Monday, October 29, 2007

In Whose Name?

Why are English speakers almost uniquely subject to inverted nominal imperialism? Why do we allow others to dictate what names we give to other places?

Born in Liverpool of mostly Welsh ancestry, I was chuffed, as we used to say, rather than miffed, to discover that the Welsh name for the city was Lerpwl. (Although that did not impress the Welsh nationalists, who objected to plans to hold the 2007 Eisteddfod toga party there.) Cockneys react with indifference to the French saying they live in Londres, and most New Yorkers do not worry too much that their city is Nueva Yorca to many of its inhabitants.

Russians do not worry that Moskva is Moscow, let alone that Americans call it Mos-COW and the Brits Mos-COE. Deutschlanders do not give an oompah that we call them Germans, or the French call them Allemandes. People have languages and the proper nouns are part of it.

So who does the Burmese junta think they are telling us that we must use Myanmar, with the added indignity that most Burmese do not want the name? Why did we all slavishly let a bunch of murderous thugs force us to rebrand Cambodia as Kampuchea? Why have been allowing the stronger Greek nationalists (sorry, the people from Hellas) to tell us what name to use for Macedonia?

Why shouldn't Britain bristle at the temerity of the French calling part of their country Brittany? In fact, to give it a sense of perspective, Great Britain was called so simply because Grand Bretagne was bigger than Bretagne in France.

In India, local sentiment insists that Bombay is now Mumbai, Madras is Chennai, and Calcutta now Kolkata, for three cities that were essentially developed (admittedly exploitatively and imperialistically) by the British. One notes with approval that the Bombay Stock Exchange holds firm, and I've yet to see an Indian restaurant serving Mumbai Duck, while no one calls the capital Dili. And the Hindi for India is Bharat but the government of India happily uses the English even though it does mention Bharat in the constitution.

In fact, all my local Chinese restaurants serve (excellent) Peking Duck, but we are supposed to call the capital of China (not Zhongguo) Beijing. But one notices that Hong Kong keeps its English form, although Canton became Guangzhou - where people still speak Cantonese and do not call their city that, since it is the Mandarin name.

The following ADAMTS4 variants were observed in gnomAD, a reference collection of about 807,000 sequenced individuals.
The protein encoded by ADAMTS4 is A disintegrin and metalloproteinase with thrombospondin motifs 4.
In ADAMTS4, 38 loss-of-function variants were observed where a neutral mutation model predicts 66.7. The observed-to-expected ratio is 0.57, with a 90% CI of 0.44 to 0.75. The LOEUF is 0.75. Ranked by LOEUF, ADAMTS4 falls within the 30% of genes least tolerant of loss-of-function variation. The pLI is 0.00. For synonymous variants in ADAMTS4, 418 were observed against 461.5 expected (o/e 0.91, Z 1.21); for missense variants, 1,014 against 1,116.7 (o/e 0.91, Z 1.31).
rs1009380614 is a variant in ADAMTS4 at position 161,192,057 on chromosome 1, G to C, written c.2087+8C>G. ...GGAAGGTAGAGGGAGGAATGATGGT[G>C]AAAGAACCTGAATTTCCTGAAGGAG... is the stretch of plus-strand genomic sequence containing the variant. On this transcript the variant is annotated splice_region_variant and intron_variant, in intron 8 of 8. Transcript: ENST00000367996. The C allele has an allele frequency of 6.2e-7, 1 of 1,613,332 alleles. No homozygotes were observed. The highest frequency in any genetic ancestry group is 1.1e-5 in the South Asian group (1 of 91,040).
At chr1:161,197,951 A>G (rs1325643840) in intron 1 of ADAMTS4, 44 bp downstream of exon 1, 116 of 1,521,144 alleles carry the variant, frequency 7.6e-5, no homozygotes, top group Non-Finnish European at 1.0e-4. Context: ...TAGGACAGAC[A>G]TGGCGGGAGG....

Adopting the Chinese roman letter spelling is even more bizarre. The letters mean different things. "X" in English does not represent "Hs" anymore than "Q" signifies "ch".

When a nationalist Turkish business spent some millions trying to get everyone to call his country Turkiye, the campaign soon foundered like a dead duck. That's the way it should be. When I was teaching journalism in Pristina, the Kosovar students bridled because the UN referred to the place as Kosovo instead of "Kosova." I pointed out that we called Shqiperia, Albania, and no one seemed to mind. Kosovo is the English name for the place.

Unlike the Romans who gave the world Latin and everyone who used it wrote nice things about Rome, a great thing about English as a doubly imperial language is that it has been so useful for anti-imperialists for everything from telling phrases, long treatises and quick slogans. Think of Jawaharlal Nehru's "tryst with destiny".

On the other hand, sometimes they are about as grammatical as Brian's slogan writing on the walls of Jerusalem, (aka Al Quds or Yerushalayim) in the Monty Python film, but that is the other great thing about it, is that there is no English academy to force spellings, definitions and purifications on its multifarious speakers.

So I don't mind if the speakers of Indian English want to say Mumbai, as long as they extend the same democratic linguistic privileges to others to keep on calling it Bombay. Non-English speakers can be as nationalist as they like - in their own languages. And I hope that Burma is free soon.

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